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Thursday, April 27, 2006

Religion in the lives of Caribbean people


COMMENTARY

Thursday, April 27, 2006

by Oliver Mills

Can the people of the Caribbean be regarded as religious? But what is religion though?

It has to do with a belief in God, or a divine presence who has created us, and to whom we can turn for guidance and direction when we are faced with the challenges of life. Religion is also associated with worship of the Divine, the practicing of rituals, such as the singing of hymns, prayers, the clapping of hands, and in some religious bodies, with dancing, and making a joyful noise.

In the Caribbean, religion plays a big part in marriage ceremonies, christening of the young, burials, and in most public occasions and celebrations. Politicians quote scripture on the campaign trail, and attend church regularly during the period leading up to elections. When we face difficulties we pray, or if we would like a certain situation to work out well for us, we also pray. If we are traveling whether by vehicle or aircraft, we pray for a safe journey and a safe return.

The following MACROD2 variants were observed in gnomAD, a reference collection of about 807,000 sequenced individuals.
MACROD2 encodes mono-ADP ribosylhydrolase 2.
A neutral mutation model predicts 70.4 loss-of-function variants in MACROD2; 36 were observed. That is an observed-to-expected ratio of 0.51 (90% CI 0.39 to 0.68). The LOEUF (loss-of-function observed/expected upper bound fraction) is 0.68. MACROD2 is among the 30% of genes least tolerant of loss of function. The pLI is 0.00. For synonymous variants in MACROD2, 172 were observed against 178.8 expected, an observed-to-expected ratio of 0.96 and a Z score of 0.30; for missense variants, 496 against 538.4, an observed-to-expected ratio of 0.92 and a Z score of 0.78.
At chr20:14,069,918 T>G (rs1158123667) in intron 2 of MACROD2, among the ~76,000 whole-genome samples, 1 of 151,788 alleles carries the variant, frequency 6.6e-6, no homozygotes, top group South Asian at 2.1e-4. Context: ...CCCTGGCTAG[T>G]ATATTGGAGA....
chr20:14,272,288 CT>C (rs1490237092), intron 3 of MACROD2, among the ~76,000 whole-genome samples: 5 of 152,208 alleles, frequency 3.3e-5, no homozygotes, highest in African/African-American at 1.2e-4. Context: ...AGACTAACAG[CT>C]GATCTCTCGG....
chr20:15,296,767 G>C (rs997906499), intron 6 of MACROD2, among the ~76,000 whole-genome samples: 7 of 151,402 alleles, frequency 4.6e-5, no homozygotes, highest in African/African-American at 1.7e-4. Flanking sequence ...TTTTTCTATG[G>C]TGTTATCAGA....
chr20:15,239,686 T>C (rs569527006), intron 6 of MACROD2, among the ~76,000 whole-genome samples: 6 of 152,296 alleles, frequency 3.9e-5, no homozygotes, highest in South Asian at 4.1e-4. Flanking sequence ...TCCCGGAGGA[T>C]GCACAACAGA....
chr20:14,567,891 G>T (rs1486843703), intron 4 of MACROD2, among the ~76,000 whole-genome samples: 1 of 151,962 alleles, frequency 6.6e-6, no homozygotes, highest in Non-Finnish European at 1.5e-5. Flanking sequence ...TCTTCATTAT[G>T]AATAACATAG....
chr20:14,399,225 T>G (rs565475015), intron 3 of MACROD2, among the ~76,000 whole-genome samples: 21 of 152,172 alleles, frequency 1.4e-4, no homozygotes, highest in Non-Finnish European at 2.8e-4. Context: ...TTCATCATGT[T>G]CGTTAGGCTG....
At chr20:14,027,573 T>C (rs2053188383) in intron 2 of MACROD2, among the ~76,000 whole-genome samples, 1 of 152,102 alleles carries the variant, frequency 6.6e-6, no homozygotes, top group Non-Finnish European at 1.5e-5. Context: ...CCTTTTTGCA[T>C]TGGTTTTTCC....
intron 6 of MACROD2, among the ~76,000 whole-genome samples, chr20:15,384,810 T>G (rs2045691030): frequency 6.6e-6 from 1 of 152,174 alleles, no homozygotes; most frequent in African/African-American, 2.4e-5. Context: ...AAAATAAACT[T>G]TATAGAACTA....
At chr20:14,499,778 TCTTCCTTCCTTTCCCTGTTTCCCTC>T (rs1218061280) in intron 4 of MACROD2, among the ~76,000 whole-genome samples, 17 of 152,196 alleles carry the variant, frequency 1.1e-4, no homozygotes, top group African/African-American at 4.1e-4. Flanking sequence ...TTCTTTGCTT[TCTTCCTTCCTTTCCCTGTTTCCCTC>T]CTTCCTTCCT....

We become members of religious groups as a means of being a part of a body of believers, and religion gives us hope in the afterlife.

Religion therefore helps to ease our pain, gives us a reason for living, provides us with comfort and solace during periods which test us, and gives us hope of a future existence.

In a general sense, then, because of what is stated above, Caribbean people can be regarded as religious people. But is this all to being religious? Should it not involve being much more than this? Of course it does.

Being religious, or following a religious doctrine, means that we believe in, and practice, certain principles in our daily relationships with each other. These have to do with how we treat each other, the attitudes we have towards each other, the way we think about each other, whether in negative or positive terms, and how we value each other.


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Link Posted by jebratt :: Thursday, April 27, 2006 :: 0 comments

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